Departing from the past

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Departing from the past

The opposition United Future Party (UFP) has changed its name to the People’s Power Party (PPP) temporarily, which will likely be approved in a national committee meeting on Wednesday. That’s seven months after the main opposition party switched its name from the Liberty Korea Party (LKP) to the UFP in February after merging with the New Conservative Party, a spin-off from the LKP. Though a final decision has yet to be made, a senior UFP official expressed hopes for a “genuine reinvention” of the embattled party, saying, “People’s Power refers to power from the people, power to be exercised for the people and power to unite the people.”

Altering a party’s name translates into a determination to separate itself from its past. The UFP suffered a series of crushing defeats in the 2016 parliamentary elections, the 2017 presidential election, the 2018 local elections and most recently, the 2020 legislative elections. The opposition lost big time. Despite its fervent campaigns to turn the situation around since the impeachment — and ousting in 2017 — of President Park Geun-hye for abuse of power and corruption, the conservative party was not able to reinvent itself mostly due to its longstanding connections to extreme rightist groups which had been increasingly shunned by the public.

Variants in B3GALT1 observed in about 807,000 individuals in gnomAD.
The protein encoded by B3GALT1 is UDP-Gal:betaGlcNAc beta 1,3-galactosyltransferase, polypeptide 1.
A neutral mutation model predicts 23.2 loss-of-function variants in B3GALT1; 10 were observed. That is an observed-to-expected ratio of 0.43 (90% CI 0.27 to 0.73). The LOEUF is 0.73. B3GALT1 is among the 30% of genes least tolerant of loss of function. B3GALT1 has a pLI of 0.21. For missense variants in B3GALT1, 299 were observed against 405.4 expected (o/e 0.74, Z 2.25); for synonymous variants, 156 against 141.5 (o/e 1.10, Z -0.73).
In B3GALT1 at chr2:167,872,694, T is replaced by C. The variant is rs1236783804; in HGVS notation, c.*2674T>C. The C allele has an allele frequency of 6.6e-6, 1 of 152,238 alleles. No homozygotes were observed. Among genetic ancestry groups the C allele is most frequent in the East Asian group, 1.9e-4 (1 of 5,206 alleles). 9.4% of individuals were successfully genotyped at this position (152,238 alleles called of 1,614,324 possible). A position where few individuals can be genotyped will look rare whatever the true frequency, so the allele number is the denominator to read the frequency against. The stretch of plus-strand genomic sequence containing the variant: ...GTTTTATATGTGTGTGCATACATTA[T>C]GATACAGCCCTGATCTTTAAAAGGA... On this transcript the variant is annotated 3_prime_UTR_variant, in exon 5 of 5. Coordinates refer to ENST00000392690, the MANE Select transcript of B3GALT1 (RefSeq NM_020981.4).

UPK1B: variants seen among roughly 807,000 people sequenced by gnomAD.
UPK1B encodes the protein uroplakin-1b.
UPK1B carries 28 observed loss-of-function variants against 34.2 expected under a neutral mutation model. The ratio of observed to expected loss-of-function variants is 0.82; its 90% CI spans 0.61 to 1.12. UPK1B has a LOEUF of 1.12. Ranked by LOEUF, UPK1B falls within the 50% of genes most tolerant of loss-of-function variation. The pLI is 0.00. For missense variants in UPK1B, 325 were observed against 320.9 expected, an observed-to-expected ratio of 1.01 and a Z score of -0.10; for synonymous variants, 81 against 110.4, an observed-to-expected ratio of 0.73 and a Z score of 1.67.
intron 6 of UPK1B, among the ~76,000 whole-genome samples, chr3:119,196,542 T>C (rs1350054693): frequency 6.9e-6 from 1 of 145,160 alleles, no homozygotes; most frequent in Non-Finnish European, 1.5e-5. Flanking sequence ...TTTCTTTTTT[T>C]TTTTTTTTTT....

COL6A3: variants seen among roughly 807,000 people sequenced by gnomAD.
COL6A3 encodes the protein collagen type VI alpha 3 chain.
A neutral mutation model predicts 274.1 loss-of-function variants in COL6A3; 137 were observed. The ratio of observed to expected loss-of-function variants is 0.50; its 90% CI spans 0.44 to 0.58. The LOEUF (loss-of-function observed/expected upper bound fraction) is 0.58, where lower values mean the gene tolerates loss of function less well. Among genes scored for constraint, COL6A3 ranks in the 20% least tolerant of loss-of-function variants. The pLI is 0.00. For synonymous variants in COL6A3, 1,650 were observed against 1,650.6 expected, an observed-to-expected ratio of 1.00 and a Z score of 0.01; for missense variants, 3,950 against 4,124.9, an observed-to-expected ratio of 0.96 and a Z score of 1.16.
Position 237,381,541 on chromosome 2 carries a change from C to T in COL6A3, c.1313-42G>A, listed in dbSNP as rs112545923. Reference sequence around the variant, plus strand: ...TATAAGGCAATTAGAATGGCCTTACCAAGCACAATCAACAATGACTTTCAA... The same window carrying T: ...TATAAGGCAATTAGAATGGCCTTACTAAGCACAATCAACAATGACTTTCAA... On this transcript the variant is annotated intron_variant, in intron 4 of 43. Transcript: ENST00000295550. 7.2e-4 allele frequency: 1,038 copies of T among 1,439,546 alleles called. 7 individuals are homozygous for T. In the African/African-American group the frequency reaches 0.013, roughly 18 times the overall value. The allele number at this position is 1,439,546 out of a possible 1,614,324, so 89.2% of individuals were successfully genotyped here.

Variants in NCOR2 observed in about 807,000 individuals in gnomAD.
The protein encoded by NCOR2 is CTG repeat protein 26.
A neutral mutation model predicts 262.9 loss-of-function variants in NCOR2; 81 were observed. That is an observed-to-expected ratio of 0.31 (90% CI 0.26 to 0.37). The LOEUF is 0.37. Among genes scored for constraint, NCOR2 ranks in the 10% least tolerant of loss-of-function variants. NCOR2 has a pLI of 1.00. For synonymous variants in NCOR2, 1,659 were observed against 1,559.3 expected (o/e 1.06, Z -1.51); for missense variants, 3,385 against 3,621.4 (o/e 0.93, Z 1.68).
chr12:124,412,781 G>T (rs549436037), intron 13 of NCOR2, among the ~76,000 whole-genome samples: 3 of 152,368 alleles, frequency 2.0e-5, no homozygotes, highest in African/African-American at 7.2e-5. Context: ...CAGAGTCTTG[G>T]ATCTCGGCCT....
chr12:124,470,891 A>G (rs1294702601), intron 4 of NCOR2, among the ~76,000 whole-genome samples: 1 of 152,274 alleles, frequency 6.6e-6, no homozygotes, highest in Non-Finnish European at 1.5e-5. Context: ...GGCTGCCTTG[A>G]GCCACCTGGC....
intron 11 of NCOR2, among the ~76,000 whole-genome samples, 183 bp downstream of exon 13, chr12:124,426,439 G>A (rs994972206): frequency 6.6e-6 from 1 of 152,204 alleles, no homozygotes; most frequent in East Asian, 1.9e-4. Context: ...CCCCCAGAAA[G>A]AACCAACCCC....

Can a name change prove effective in reforming the conservative party? The outlook is brighter than ever. Since Kim Chong-in, a seasoned strategist, took the helm of the troubled party in May, the UFP has drastically changed course. For instance, it championed the introduction of a “basic income” — a concept popular among liberals and still the subject of heated debate — and included “economic democracy” in its platform. Kim even knelt before the altar of the May 18 Democracy Movement in Gwangju, a home to progressivism in Korea.

The opposition party’s new name — People’s Power Party — reflects a resolution to extend its spectrum and broaden its support base. If so, the party must prove its ideals through action. If it fails to reform itself sincerely, it cannot expect any victory in future elections. After an overwhelming defeat in the April 15 parliamentary elections, members of the UFP vowed to “depart with the past we are used to — and move toward a new future.” They only need to put that very promise into action.

The UFP must transform itself to help develop the future of Korean politics as a whole. Unless the main opposition plays its due role, it cannot put the brakes on the ruling party’s domineering approaches to governing the nation. We hope the UFP departs from its tainted past once and for all and in a way convincing to the average voter.
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